Read Order: Kulwinder Singh v. State of Punjab

Monika Rahar

Chandigarh, April 28, 2022: While dealing with case a under the Protection of Children from Sexual Offences Act, 2012 (POCSO Act), the Punjab and Haryana High Court was considering if the non-submission of a report from a chemical examiner/FSL report will result in filing of an incomplete charge sheet entitling an accused to exercise the right to seek default bail under Section 167 (2) of the Cr.P.C., particularly in cases relating to sexual exploitation of women.

Answering the above stated question in negative, the Court held that for an offence of sexual assault, the final report would be complete on the statement of the prosecutrix under Sections 161 and 164 of the Code and FSL report can be used only to corroborate the version of the prosecution.

The Bench of Justice Suvir Sehgal added, “In view of the above, non-filing of the FSL report with the challan does not make the challan an incomplete one.”

In this case an FIR was registered for offences under Section 376 IPC and Section 4 of the POCSO Act. Later o Section 376 IPC and Section 4 of POCSO Act were deleted while Sections 376-AB and 506 IPC and Section 06 POCSO Act were added in the FIR. The FIR was lodged at the instance of the informant (grandmother of prosecutrix) who alleged that when she went to bring her six years old grand-daughter back from the petitioner’s house, she heard her screams and saw that her grand-daughter was bleeding from her private part and on seeing the informant, the petitioner ran away. 

The matter however was not reported for some time owing to the fear of social stigma.  The petitioner approached the High Court by a petition filed under Section 401 of the Cr.P.C., assailing the order dismissing his application seeking default bail under Section 167 (2) of the Code. 

The case of the petitioner’s counsel essentially was that he was falsely implicated in this matter and that the petitioner was not even present on the spot. It was further argued that there was an unexplained delay of five days in lodging the FIR. The Counsel also contended that the charge-sheet was presented before the trial Court on November 25, 2021 without the FSL report and hence was defective. It was further his argument that the charge-sheet could not be taken to have been submitted in compliance with the statutory provisions and that the petitioner was entitled to grant of default bail under Section 167 (2) of the Code.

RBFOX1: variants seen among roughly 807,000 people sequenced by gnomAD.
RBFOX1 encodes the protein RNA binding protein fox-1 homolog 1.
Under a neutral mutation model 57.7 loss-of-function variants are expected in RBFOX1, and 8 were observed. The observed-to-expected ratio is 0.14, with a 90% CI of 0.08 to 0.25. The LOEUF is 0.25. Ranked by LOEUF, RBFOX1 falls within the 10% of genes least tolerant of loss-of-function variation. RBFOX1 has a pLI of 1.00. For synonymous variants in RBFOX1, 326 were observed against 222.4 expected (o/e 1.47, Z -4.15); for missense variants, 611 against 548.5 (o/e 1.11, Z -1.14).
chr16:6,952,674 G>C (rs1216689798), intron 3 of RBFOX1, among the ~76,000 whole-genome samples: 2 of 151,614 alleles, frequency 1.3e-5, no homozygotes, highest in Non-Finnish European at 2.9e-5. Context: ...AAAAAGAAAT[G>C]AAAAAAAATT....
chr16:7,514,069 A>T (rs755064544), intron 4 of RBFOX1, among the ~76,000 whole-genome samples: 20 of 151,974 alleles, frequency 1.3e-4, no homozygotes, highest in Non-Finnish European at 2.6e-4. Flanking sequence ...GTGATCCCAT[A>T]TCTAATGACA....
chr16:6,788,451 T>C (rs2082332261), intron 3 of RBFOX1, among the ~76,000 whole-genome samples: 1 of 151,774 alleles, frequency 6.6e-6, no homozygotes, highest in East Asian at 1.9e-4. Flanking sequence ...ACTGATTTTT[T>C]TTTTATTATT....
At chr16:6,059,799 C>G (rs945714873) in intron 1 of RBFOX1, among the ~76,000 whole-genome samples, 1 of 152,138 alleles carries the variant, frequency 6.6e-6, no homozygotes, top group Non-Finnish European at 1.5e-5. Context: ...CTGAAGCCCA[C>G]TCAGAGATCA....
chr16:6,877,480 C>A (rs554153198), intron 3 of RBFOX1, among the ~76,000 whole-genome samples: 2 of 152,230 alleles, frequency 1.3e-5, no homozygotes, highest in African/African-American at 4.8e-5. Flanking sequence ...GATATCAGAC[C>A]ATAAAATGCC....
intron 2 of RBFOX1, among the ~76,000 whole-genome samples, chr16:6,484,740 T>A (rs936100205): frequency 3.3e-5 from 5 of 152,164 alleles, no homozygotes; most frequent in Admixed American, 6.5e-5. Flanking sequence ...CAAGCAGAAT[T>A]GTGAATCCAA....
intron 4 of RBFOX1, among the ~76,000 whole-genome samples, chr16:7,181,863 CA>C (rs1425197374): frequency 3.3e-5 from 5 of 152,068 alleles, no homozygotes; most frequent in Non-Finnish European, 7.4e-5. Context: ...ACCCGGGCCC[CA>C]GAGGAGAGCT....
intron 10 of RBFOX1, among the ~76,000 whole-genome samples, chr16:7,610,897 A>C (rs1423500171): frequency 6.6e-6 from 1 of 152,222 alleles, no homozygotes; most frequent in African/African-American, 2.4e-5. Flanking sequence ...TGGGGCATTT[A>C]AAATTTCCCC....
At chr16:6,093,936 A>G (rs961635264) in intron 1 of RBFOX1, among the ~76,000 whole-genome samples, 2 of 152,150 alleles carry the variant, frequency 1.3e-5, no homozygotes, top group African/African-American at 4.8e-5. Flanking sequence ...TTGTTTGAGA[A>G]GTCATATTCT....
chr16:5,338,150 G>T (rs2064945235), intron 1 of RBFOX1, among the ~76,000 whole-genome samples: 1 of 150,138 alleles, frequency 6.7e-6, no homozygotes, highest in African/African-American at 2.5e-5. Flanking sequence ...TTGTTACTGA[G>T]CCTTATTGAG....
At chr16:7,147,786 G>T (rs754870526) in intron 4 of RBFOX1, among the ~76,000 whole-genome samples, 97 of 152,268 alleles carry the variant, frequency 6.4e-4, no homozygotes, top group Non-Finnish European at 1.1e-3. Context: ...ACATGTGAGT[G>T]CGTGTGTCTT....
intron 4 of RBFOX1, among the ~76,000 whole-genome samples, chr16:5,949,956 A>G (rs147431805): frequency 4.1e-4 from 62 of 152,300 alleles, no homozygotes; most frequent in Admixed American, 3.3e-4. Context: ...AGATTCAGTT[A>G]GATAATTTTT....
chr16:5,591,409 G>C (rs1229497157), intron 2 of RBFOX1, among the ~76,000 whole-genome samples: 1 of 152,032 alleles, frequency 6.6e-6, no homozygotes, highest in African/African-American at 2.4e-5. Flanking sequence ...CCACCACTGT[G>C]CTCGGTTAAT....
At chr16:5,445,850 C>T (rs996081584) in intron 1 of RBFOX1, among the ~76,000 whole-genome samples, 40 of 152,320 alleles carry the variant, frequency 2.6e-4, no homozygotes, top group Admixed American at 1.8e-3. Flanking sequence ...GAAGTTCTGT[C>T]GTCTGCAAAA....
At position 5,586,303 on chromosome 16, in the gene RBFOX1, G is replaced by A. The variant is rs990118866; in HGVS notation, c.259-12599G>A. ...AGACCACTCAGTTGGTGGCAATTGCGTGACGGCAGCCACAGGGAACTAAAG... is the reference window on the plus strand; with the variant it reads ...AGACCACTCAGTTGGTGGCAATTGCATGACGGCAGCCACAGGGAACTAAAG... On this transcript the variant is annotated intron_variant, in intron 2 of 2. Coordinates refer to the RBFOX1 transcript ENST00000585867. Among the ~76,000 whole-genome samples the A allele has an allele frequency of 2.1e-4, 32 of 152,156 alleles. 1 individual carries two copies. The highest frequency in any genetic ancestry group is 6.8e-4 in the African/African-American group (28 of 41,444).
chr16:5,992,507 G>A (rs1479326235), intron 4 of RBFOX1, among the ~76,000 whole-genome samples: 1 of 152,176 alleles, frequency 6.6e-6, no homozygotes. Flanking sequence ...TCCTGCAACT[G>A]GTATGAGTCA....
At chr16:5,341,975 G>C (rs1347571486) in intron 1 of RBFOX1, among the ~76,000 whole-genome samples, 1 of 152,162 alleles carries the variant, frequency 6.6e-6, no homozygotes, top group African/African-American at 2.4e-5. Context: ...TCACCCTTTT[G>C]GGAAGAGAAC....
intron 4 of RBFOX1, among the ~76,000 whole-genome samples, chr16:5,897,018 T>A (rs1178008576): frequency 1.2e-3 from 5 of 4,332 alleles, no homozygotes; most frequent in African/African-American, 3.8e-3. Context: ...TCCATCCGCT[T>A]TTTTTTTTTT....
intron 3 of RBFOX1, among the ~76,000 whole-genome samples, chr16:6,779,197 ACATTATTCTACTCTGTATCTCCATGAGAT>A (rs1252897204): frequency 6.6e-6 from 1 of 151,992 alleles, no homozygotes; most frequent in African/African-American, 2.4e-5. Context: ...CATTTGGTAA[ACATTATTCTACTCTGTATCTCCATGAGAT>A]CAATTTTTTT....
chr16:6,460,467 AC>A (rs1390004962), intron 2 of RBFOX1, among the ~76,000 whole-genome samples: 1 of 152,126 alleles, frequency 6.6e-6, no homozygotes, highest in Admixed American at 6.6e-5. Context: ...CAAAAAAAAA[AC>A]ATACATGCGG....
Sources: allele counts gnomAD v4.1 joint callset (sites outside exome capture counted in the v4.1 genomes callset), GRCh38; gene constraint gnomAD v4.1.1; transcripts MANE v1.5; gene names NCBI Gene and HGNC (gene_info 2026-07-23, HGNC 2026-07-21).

On the contrary, the State Counsel opposed the petition and supported the order passed by the trial Court. He argued that mere non-filing of the FSL report with the final report would not make the challan incomplete and the petitioner was not entitled to be released on default bail keeping in view the nature of allegations and the gravity of offence allegedly committed by him. 

In order to address this question, the Court made reference to a full bench decision of the High Court in State of Haryana vs. Mehal Singh and Others wherein it was held that in  investigation of an offence cannot be considered to be inconclusive merely for the reason that the investigating officer, when he submitted his report in terms of sub-section (2) of Section 173 of the Code to the Magistrate, still awaited the reports of the experts or by some chance, either inadvertently or by design, he failed to append to the police report such documents or the statements under Section 161 of the Code, although these were available with him when he submitted the police report to the Magistrate. 

In light of the above, the Court adverted to the facts of the present matter and observed that  the final report submitted by the investigating agency was accompanied by the statements of the prosecutrix, her mother, birth certificate, clothes, medical reports of the accused and the victim and other incriminating material, except the FSL which was yet to be received. 

The Court further noted that undisputedly the charge-sheet was presented within the stipulated period against the petitioner for the offence under Section 376-AB, 506, IPC and Section 6 of the POCSO Act. 

Thus, against this backdrop, the Court opined that fan offence of sexual assault, the final report would be complete on the statement of the prosecutrix under Sections 161 and 164 of the Code and FSL report can be used only to corroborate the version of the prosecution. 

On the basis of the charge-sheet filed by the Investigating Agency, the Court was of the opinion that it could take cognizance of the offence. In view of the above, the Court held that the non-filing of FSL report with the challan did not make the challan an incomplete one. 

Also, Justice Sehgal asserted that the argument of the counsel regarding the falsity of the accusation, the alleged delay in lodging of the FIR or his plea of alibi, are not germane to the adjudication of the application seeking grant of default bail. 

Accordingly, finding no merit in the petition, the petition was dismissed.

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